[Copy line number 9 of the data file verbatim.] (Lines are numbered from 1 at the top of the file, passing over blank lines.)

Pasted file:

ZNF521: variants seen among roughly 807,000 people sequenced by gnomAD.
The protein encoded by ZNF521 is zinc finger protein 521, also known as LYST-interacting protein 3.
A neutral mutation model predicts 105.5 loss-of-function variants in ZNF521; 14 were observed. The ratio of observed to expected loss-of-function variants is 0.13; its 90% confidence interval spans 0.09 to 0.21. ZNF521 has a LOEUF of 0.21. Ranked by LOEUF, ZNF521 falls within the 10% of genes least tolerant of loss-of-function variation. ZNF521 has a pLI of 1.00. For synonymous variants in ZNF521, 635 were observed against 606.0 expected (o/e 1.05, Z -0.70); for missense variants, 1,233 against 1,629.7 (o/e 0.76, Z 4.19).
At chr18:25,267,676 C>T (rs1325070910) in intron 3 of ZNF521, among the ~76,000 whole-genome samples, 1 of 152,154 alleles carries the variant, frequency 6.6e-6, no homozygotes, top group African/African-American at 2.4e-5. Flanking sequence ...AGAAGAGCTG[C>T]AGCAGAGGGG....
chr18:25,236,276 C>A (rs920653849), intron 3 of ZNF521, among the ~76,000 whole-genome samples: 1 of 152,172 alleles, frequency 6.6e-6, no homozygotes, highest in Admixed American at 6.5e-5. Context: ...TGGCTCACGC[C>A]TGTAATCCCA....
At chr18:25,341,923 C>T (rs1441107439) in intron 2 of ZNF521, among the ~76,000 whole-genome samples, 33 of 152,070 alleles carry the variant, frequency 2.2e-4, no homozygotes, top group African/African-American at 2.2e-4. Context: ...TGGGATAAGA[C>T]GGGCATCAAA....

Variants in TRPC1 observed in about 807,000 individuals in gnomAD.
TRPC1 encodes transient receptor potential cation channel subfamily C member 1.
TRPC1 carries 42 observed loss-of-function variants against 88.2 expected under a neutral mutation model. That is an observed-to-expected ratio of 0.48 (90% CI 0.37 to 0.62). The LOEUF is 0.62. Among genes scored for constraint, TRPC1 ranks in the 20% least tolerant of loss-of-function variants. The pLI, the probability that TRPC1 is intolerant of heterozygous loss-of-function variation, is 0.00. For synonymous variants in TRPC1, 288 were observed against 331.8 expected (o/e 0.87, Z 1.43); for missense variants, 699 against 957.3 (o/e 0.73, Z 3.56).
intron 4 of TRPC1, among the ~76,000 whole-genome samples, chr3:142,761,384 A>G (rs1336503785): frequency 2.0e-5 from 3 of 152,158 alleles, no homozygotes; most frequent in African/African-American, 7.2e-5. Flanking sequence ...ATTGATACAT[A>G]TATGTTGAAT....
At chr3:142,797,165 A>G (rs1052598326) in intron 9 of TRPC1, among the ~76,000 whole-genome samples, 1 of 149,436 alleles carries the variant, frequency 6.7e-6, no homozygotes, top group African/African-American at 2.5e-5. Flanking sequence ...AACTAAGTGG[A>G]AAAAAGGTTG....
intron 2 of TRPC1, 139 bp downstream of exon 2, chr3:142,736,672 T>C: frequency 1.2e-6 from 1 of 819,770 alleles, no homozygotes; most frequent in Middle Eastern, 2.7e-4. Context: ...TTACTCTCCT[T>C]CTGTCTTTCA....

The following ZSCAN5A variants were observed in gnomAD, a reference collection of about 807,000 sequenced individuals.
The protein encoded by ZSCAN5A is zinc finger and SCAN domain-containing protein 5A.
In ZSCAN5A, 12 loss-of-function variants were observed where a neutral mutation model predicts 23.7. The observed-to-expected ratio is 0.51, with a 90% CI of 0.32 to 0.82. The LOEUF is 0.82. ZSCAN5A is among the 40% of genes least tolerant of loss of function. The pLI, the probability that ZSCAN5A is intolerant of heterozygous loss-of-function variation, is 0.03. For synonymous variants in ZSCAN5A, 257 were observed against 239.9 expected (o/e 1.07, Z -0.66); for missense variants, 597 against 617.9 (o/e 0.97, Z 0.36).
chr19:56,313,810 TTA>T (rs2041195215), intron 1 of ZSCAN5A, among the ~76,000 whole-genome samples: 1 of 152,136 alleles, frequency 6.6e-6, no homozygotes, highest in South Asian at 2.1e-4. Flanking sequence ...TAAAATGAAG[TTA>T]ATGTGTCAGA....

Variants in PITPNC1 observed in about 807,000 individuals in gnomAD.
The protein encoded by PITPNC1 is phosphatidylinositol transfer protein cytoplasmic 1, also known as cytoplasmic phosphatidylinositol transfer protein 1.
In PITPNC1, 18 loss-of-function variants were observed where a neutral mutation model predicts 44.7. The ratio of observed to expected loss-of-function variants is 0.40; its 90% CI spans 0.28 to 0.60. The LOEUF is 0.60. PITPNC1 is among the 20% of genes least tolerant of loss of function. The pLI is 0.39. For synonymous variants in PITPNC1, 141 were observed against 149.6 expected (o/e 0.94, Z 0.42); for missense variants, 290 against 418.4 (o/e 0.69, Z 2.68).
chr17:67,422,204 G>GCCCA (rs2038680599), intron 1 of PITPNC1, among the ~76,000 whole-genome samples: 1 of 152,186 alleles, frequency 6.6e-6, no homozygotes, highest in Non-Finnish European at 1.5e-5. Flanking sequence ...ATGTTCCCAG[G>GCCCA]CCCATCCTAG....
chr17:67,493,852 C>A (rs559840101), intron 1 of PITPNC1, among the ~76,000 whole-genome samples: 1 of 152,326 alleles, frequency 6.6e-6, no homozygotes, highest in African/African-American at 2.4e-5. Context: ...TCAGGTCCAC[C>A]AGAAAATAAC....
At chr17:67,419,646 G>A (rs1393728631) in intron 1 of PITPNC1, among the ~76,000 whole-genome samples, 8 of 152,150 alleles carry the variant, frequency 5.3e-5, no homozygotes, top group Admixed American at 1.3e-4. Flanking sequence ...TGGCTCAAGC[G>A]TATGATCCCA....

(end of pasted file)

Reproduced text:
TRPC1 carries 42 observed loss-of-function variants against 88.2 expected under a neutral mutation model. That is an observed-to-expected ratio of 0.48 (90% CI 0.37 to 0.62). The LOEUF is 0.62. Among genes scored for constraint, TRPC1 ranks in the 20% least tolerant of loss-of-function variants. The pLI, the probability that TRPC1 is intolerant of heterozygous loss-of-function variation, is 0.00. For synonymous variants in TRPC1, 288 were observed against 331.8 expected (o/e 0.87, Z 1.43); for missense variants, 699 against 957.3 (o/e 0.73, Z 3.56).